My first steps off the train disoriented me. No city smog to breathe here, no cracks in the sidewalks, not a sign of decay to be found. I could see brightly colored houses and shops for what seemed like miles, their windows curtained with flowers and their facades choked with ivy overgrow. The rocky cliffs of the bay hung barely visible behind it all, on the other side of town. The townspeople bounced a little. It was warm out, for the first time in months; Kevin even took off his jacket, which I've never seen him do before.
A hand-carved wood sign sat planted just outside the outer limits. "Apricot Bay: Settled 1919," it said, and stylized white and deep purple apricot blooms wrapped around the lettering. It was cheesy, but it was home now.
We passed through the town square on the way to the house, where the flagstone gave way to an apricot tree towering in the center. Its branches spidered out and stuck out sharply, and though it wouldn't bear fruit until the fall, it seemed plenty on its way there. For shade, it was rather lousy and thin, but for size? I've never seen a tree that big, and—
—Something about it nailed me to the ground. I felt like I'd suddenly forgotten everything I should've known in that moment, and I never quite realized how tiny and inconsequential I was until I saw myself beside it. I froze anxiously, like I was on trial and its leaves decided my fate.
My gaze shot to Kevin, but I could barely focus my eyes on him. We stood trading stares in silence for a moment.
Whatever it was, he didn't need to tell me twice. I walked a little faster the rest of the way, fast enough for even Penny to trail me.
Thankfully, before long, we'd arrived at the house. I found us a little three bedroom townhouse down one of the bay's cul-de-sacs, something close to the north beach. I figured Kevin and Penny could go down there and play in the waves when I was busy with work or something.
"Hey Seb, someone's at our mailbox!"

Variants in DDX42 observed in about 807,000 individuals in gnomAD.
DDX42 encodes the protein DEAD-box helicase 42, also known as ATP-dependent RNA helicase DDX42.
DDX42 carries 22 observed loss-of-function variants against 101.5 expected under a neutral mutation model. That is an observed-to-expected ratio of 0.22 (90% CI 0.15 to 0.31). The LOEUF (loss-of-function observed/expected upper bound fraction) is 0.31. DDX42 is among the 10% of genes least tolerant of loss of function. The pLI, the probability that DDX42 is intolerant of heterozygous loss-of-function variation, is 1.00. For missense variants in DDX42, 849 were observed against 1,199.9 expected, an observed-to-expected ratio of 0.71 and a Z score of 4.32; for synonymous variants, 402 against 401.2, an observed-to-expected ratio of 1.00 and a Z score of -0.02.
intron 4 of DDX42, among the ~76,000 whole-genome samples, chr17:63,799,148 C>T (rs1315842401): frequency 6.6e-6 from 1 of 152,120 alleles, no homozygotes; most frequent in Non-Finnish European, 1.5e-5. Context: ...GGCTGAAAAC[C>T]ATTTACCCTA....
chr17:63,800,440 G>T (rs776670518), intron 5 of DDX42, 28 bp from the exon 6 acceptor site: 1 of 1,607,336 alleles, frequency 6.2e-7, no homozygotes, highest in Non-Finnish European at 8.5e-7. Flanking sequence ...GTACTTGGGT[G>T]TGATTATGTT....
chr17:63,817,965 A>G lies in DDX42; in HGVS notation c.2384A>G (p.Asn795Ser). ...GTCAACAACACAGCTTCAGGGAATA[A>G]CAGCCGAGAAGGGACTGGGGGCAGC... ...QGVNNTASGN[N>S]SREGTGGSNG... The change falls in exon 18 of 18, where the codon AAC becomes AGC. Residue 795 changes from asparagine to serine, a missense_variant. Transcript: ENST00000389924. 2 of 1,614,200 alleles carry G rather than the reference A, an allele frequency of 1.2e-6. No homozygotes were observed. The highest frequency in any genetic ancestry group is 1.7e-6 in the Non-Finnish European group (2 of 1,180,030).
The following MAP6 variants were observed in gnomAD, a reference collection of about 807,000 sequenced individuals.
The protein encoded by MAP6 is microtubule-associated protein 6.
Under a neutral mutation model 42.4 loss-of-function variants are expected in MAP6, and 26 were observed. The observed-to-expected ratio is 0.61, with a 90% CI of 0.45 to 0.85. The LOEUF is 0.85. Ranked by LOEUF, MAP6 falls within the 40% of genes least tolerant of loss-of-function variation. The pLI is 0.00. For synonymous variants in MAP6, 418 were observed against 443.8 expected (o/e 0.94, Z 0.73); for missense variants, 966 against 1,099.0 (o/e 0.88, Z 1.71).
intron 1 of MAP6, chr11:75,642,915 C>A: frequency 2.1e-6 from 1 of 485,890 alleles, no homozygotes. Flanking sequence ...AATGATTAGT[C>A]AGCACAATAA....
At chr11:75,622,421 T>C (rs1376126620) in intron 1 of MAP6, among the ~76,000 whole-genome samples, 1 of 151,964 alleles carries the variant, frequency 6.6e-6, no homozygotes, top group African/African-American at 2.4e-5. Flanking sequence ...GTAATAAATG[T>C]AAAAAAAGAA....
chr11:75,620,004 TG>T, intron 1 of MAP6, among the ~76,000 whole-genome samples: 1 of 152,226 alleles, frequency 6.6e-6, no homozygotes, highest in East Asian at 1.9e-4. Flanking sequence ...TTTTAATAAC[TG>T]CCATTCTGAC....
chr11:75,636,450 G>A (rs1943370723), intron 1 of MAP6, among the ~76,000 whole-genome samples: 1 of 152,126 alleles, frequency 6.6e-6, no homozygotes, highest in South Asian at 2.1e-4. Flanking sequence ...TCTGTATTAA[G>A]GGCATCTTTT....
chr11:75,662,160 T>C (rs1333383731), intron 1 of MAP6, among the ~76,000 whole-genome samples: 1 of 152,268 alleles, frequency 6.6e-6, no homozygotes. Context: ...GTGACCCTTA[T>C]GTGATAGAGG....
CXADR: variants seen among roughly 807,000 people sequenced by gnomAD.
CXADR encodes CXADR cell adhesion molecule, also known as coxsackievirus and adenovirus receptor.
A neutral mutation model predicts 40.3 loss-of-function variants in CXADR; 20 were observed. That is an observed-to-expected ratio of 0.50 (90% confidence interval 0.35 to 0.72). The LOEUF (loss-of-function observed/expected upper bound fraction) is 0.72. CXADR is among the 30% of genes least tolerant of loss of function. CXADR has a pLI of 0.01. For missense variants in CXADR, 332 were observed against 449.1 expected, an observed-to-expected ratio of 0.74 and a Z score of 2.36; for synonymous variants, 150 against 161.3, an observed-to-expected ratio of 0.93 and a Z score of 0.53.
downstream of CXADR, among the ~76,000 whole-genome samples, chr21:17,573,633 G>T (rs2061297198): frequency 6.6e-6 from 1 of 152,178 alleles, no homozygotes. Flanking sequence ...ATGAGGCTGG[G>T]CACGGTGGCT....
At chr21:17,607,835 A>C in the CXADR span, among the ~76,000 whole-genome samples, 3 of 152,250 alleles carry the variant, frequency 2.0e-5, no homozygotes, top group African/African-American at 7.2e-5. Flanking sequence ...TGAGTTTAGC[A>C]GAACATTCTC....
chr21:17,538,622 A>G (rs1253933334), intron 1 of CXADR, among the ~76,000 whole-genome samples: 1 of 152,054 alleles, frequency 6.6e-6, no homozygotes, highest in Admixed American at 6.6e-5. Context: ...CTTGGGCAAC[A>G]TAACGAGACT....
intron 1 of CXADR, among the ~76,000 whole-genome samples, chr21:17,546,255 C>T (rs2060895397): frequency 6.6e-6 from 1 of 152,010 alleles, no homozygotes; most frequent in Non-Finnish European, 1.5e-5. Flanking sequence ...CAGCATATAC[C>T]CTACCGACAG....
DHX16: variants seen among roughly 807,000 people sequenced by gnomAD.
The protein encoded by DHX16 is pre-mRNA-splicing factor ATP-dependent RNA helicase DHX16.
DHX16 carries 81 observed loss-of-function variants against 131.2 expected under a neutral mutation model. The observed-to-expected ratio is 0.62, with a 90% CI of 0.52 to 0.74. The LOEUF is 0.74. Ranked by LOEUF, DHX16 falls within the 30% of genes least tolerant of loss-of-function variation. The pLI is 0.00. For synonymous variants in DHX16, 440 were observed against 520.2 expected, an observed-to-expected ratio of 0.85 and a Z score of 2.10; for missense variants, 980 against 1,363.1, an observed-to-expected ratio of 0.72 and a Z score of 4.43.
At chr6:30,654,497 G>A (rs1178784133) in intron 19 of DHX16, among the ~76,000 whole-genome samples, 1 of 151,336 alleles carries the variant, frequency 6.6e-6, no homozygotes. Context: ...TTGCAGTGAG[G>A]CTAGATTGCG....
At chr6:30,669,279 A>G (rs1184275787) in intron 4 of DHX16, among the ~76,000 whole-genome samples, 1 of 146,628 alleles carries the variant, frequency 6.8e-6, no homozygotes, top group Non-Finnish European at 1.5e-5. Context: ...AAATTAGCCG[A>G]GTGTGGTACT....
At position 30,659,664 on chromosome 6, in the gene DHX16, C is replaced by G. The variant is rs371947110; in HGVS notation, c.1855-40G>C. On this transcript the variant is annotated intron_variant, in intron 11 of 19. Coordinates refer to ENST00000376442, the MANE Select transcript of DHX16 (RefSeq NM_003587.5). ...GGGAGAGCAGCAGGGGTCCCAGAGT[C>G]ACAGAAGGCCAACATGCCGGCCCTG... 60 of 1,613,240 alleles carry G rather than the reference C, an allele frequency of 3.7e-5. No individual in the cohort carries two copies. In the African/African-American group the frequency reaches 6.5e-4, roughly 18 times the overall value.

Wasn't much for talking right now, but I looked anyway. He was a fire fox about my height, orange-and-white streaked coat (albeit less loud than Penny's), bundled up in long pants and a turtleneck under his uniform, and carrying a messenger bag absolutely stuffed with papers. His face lit up when he saw us.
"Hello, hello! Are you the folks moving in today?"
Kevin, on the other hand, was more than happy to talk. "Yeah!"
"Well, welcome! Always nice to see fresh faces around here. Where are you all from?"
"Golly, city folk? I could never live in The City, I always miss home too much." He wrapped his bushy tail around his ankles and looked down. "Oh, how rude of me, I forgot to introduce myself! I'm Arthur, your mailman. I'm on my rounds right now."
"I'm Kevin, and these are my friends, Penny and Seb."
I couldn't listen to it. I left without a word.
Behind me, I heard the conversation continue.
"Oh dear...is he okay?"
"Seb gets grumpy sometimes."
"Yeah, he's a stinky," Penny chimed in.
I wandered inside, heading straight for the master bedroom I'd claimed for myself, locked the door, drew the blinds, turned up the AC, unpacked my computers, and basked in the bright blue glow of my screens once more.
The scenery wasn't about to stop me from business as usual.